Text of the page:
Drivers Ed: module 3

STUDY
PLAY

Terms in this set (...)

What are the laws and forces that a new driver should know?
What are the laws and forces that a new driver should know?
The following sections will cover:
• Gravity
• Inertia
• Momentum
• Kinetic and potential energy
• Friction
• Centrifugal and centripetal forces
To keep a parked car from rolling away:
To keep a parked car from rolling away:


Leave it in a low gear—or "Park" if it has an automatic transmission

Set the parking brake

Position the front wheels of your car in such a way that the car will roll away from traffic if your brakes fail

The way you will position your wheels will depend on whether you are parked uphill, downhill, or if there is a curb.

Turn your front wheels toward the curb if you are parking downhill, and turn them away from the curb if parked uphill.
If you are parked uphill and there is no curb, turn your wheels toward the shoulder of the road. It's also a good idea to place an object (like a brick) in front of or behind the tires if parked on an incline.
Inertia
Inertia keeps your vehicle moving until another force slows it down or stops it. This force can be your own action of applying the brake, conditions of the road, an object on the road like fallen tree or—if the driver isn't paying enough attention—another vehicle.
potential energy
The definition of the potential energy is "the energy that a piece of matter has because of its position or because of the arrangement of parts."
In other words, it is an energy that an object possesses because it has the potential to be converted into other forms of energy. A car parked on an incline may potentially roll down because of gravity. This car has potential energy. Different types of potential energy are controlled by different parts of the car.
kinetic energy
kinetic energy. This force is the energy developed by an object while in motion.
When you double your speed, the kinetic energy of your car is four times as great! And that means the braking distance is four times as great. When you triple or quadruple your speed, the stopping distance is even greater.
Worn or under-inflated tires
Worn or under-inflated tires will reduce the friction between your tires and the road surface, reducing the traction needed to start smoothly, stop quickly, turn, or negotiate a curve in safe manner. The road surface itself may cause excessive wear of tires. When there is too much heat on your tires, the rubber may melt.
You may also lose traction if the friction of your brakes is stronger than the friction force between your tires and the road. For effective friction, the brakes and other parts of your car, including your engine and transmission, should be properly lubricated. Otherwise you may experience mechanical failure.
Friction
Friction is the resistance of movement between two surfaces in contact. Friction occurs between your tires and the road, in your brakes when applied, and in many parts of your car. If it weren't for friction, you couldn't start, move, turn, or even stop your car in an emergency. You'd have to wait for it to stop itself. The weight of a vehicle produces more friction between the tires and the road surface.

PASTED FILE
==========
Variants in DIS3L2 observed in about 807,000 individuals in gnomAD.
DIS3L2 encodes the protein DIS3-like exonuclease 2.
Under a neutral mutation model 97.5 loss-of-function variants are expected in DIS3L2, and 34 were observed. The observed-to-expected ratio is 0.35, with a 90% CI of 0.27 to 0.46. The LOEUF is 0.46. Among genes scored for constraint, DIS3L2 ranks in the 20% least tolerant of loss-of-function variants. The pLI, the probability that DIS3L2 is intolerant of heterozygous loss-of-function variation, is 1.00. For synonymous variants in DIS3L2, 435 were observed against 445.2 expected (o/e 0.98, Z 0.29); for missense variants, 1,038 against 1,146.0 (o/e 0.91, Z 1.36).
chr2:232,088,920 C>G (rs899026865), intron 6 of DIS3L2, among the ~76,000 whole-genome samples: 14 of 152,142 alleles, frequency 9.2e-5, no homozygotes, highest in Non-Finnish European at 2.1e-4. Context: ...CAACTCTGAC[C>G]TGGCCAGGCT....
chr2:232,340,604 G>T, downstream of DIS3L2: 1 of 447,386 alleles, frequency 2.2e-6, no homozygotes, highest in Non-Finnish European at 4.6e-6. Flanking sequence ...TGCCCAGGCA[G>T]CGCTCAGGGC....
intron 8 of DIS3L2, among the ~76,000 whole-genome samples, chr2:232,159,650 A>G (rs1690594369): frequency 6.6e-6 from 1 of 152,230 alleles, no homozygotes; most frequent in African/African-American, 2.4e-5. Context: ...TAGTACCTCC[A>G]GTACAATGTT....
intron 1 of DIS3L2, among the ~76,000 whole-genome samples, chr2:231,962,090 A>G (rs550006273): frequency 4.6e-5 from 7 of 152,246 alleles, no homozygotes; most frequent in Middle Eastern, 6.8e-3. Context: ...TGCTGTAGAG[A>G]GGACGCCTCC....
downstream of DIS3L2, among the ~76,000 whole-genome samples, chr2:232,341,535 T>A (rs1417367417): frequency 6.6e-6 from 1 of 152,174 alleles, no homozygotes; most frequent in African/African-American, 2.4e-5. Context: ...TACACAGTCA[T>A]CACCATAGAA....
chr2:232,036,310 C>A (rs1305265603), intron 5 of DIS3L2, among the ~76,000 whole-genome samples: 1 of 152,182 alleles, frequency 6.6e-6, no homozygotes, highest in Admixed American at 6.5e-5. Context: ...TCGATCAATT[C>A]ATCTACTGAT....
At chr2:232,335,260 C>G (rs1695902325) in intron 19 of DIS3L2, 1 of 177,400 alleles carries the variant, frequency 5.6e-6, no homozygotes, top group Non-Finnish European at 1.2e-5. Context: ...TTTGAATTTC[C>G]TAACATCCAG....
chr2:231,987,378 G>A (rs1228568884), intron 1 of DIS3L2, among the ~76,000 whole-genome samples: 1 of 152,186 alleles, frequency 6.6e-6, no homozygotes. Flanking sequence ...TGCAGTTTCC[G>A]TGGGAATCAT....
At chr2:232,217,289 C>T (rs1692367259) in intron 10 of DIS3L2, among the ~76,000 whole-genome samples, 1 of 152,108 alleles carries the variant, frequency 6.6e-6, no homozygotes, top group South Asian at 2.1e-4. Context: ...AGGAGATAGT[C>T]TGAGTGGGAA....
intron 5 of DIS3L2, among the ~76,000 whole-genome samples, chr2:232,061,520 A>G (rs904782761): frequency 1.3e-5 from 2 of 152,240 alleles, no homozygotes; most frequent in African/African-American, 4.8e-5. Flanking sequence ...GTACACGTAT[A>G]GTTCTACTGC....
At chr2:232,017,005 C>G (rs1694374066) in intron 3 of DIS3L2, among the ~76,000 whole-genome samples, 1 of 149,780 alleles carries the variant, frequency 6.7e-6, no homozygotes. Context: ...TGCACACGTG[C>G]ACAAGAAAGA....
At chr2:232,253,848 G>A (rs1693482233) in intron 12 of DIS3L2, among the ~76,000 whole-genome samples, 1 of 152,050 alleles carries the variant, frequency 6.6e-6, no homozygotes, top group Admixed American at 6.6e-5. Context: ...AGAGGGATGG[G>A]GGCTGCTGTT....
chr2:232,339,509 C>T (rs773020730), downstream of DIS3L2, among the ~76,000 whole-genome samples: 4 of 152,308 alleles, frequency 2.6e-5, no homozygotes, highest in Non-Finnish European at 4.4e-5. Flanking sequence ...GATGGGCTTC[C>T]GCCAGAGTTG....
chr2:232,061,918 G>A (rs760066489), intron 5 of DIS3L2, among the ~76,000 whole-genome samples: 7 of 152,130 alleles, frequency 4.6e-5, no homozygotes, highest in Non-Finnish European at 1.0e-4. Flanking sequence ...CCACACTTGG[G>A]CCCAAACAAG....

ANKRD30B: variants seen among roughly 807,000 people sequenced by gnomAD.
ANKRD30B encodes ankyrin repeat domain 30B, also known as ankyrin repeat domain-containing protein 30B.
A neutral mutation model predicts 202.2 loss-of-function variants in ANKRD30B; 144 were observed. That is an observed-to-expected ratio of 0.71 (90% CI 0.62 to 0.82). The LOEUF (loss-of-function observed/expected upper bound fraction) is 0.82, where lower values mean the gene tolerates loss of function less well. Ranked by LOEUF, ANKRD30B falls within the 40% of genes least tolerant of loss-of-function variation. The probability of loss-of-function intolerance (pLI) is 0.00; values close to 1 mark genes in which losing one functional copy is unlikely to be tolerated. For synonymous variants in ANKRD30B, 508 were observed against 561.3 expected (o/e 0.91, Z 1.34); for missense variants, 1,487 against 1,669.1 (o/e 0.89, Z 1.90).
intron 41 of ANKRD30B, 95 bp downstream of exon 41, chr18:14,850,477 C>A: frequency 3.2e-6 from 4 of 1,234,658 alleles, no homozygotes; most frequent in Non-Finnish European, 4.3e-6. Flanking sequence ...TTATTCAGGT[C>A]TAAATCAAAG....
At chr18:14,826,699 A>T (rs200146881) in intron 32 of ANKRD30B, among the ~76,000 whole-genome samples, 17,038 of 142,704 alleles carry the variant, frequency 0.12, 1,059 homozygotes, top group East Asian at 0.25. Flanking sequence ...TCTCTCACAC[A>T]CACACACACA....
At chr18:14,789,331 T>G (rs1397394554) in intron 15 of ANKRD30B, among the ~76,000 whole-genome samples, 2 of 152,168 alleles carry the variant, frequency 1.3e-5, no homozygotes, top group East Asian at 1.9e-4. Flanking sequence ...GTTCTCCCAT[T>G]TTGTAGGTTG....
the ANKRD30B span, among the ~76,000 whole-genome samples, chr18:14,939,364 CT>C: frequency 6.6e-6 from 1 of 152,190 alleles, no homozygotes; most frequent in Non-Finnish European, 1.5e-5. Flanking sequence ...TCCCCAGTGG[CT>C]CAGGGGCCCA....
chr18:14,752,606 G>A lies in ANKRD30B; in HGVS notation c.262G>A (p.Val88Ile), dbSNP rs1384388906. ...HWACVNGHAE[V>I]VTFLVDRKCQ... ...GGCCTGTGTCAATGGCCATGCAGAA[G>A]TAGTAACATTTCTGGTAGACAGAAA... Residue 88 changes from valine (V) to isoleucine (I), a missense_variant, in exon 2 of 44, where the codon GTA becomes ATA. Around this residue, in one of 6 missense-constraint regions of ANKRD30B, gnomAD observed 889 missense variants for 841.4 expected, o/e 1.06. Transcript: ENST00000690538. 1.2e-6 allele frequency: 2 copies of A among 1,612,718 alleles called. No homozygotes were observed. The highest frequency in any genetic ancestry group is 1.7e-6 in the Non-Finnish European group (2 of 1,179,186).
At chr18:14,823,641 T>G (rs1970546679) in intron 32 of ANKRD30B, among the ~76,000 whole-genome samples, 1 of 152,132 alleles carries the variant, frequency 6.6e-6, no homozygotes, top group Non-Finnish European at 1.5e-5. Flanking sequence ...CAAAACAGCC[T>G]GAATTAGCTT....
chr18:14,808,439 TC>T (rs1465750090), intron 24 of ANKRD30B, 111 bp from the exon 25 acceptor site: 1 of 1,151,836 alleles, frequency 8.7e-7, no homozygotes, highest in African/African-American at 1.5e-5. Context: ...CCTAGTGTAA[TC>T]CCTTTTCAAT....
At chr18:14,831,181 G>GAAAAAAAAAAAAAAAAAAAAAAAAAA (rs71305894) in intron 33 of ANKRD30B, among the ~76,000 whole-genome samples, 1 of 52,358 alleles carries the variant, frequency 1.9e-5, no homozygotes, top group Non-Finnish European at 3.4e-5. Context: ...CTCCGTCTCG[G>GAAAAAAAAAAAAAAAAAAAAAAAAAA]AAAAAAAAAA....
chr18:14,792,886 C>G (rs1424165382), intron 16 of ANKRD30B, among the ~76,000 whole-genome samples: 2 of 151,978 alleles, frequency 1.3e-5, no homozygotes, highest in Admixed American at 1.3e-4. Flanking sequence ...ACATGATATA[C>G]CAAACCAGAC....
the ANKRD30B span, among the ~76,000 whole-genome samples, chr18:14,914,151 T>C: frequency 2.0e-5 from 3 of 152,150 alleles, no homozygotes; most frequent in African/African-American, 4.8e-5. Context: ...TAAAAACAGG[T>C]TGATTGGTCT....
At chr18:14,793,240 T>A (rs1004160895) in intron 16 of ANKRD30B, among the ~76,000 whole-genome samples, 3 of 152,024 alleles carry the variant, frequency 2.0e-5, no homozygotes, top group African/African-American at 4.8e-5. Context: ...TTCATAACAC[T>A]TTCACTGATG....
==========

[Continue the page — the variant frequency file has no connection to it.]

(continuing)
For effective friction, the brakes and other parts of your car, including your engine and transmission, should be properly lubricated. Otherwise you may experience mechanical failure.
Traction
Traction is affected in one way or another by friction. For instance, consider the effect of these factors: stopping distance, centrifugal force, and hydroplaning. An increase in any or all of these factors will decrease the amount of traction your car will have because of the corresponding decrease in the opportunity for friction. By decreasing a car's traction, you are decreasing the amount of control you have over the vehicle.
centripetal force
If an object is moving along a curved path, the direction of its velocity is changing. The force responsible for this change in direction is called "centripetal force" which means center-seeking force. It is directed toward the center of the curvature. Centripetal force is necessary for an object to move with circular motion.

Centrifugal force is the force that pulls out from the center on a body in circular motion. Centrifugal force is the opposite of centripetal force. Centrifugal force increases with acceleration.

Why is centrifugal force sometimes called a "pseudo force"?
Centrifugal force is not a real force—rather, it is a reaction to the centripetal force necessary to hold an object at a fixed point in a rotating frame.
One of the laws of motion says that "for every action there is an equal and opposite reaction." A force is often referred to as an action. A reaction is sometimes called a "pseudo force." Centrifugal force is actually a reaction to the centripetal force that keeps the object going in a circle. This makes it a pseudo force.
The following are rules for safely cornering a curve given the effects of centrifugal and centripetal forces on driving:
The following are rules for safely cornering a curve given the effects of centrifugal and centripetal forces on driving:
• Decelerate before the curve
• Brake gently and gradually if braking is needed while turning
• Downshift if your car has a manual transmission
The blue car approaches a curve at 45 mph. The posted speed limit is 35 mph. What should the driver do?
Slow down to the posted speed limit before entering the curve.
Force of impact
Force of impact is the force generated when objects meet. It is a well-known fact that the faster you drive, the greater the impact or striking power of your vehicle. A fact not generally understood is how much greater the striking power of a vehicle is when you double the speed from 20 to 40 mph. It is commonly believed that the striking power of a vehicle would likewise be doubled. This is not true.